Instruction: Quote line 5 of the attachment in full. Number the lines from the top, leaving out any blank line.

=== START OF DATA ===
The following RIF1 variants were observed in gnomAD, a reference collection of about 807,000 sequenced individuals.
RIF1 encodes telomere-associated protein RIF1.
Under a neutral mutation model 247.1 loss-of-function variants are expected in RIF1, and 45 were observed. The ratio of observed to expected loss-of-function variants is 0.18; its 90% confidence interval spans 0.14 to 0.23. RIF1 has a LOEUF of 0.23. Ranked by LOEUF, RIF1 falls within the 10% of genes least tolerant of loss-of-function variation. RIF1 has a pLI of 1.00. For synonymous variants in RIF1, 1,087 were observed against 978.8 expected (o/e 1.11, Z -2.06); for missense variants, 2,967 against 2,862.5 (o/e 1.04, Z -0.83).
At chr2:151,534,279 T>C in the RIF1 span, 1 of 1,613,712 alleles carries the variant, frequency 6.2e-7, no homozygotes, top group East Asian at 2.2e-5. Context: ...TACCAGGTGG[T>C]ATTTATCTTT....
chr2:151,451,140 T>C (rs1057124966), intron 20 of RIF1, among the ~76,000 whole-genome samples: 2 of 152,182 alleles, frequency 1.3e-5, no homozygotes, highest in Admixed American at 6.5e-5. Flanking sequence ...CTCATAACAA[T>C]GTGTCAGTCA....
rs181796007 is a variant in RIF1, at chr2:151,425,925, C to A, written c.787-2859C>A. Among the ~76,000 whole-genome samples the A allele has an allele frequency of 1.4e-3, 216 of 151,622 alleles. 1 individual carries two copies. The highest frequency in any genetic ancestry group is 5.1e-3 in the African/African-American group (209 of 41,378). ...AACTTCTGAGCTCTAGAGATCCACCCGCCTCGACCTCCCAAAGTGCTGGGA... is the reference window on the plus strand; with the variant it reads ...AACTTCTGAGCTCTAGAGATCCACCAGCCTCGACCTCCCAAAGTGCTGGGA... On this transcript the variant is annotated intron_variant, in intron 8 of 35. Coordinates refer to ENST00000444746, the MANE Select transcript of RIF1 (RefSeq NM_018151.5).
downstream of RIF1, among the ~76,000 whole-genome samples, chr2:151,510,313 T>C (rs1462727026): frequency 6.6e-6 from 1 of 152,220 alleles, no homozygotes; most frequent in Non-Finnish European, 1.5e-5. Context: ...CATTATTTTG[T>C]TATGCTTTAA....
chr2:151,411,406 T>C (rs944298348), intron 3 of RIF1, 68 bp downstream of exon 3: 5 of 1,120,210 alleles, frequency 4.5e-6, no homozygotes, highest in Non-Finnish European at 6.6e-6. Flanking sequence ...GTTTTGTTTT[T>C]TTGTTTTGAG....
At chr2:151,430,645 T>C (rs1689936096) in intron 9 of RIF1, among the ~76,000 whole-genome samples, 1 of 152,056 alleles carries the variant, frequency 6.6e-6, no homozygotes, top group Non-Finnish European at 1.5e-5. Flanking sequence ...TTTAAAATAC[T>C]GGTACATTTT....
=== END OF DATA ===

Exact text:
chr2:151,451,140 T>C (rs1057124966), intron 20 of RIF1, among the ~76,000 whole-genome samples: 2 of 152,182 alleles, frequency 1.3e-5, no homozygotes, highest in Admixed American at 6.5e-5. Flanking sequence ...CTCATAACAA[T>C]GTGTCAGTCA....